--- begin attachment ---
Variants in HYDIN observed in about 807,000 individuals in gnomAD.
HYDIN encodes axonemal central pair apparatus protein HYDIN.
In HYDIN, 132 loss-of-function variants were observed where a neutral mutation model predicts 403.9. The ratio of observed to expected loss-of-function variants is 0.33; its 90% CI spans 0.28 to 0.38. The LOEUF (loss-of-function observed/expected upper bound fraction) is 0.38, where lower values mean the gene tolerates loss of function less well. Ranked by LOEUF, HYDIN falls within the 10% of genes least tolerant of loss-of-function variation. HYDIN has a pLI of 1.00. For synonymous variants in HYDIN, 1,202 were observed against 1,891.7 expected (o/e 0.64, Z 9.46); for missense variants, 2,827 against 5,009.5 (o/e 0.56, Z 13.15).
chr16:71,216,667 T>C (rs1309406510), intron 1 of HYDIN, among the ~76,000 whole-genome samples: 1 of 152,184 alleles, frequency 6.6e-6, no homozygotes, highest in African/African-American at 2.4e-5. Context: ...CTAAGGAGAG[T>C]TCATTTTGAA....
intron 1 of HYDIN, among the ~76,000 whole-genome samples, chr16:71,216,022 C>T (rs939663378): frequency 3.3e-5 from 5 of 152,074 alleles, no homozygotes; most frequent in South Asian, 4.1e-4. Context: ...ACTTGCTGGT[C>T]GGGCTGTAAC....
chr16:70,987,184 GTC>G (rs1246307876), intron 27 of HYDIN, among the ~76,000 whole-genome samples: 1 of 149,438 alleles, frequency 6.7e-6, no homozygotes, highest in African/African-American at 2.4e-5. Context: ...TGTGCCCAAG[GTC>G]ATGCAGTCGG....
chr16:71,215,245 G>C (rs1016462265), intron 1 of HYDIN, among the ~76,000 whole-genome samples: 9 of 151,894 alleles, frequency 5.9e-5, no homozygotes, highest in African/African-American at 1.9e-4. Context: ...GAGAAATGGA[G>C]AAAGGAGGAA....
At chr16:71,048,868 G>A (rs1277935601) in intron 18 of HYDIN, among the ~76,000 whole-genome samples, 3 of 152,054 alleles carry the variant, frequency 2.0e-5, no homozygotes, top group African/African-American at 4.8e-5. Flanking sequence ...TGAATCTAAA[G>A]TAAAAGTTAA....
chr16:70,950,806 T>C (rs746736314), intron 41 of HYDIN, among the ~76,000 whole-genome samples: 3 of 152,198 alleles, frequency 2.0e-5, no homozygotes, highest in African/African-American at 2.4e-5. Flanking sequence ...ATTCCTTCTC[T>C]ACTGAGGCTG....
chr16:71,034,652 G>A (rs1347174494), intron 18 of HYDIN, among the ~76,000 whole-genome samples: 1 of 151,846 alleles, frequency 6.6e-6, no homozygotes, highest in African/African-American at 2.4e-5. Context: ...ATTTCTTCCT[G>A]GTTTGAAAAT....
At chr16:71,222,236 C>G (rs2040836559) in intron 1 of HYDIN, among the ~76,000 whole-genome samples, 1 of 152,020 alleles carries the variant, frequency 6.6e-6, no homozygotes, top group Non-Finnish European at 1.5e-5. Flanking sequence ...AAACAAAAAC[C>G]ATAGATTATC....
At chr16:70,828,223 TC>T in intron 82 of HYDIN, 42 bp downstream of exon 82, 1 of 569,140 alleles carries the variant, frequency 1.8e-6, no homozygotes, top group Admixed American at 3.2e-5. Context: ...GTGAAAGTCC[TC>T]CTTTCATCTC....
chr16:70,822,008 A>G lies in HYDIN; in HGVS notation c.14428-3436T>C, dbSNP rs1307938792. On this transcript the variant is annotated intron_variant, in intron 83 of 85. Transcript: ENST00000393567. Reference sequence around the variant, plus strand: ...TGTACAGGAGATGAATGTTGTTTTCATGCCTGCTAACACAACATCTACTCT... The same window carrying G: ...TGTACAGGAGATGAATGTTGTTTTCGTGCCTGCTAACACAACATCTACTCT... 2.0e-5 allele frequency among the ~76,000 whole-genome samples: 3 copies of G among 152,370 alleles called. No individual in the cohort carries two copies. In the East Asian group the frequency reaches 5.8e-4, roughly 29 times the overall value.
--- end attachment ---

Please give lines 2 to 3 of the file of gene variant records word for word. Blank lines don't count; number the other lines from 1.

HYDIN encodes axonemal central pair apparatus protein HYDIN.
In HYDIN, 132 loss-of-function variants were observed where a neutral mutation model predicts 403.9. The ratio of observed to expected loss-of-function variants is 0.33; its 90% CI spans 0.28 to 0.38. The LOEUF (loss-of-function observed/expected upper bound fraction) is 0.38, where lower values mean the gene tolerates loss of function less well. Ranked by LOEUF, HYDIN falls within the 10% of genes least tolerant of loss-of-function variation. HYDIN has a pLI of 1.00. For synonymous variants in HYDIN, 1,202 were observed against 1,891.7 expected (o/e 0.64, Z 9.46); for missense variants, 2,827 against 5,009.5 (o/e 0.56, Z 13.15).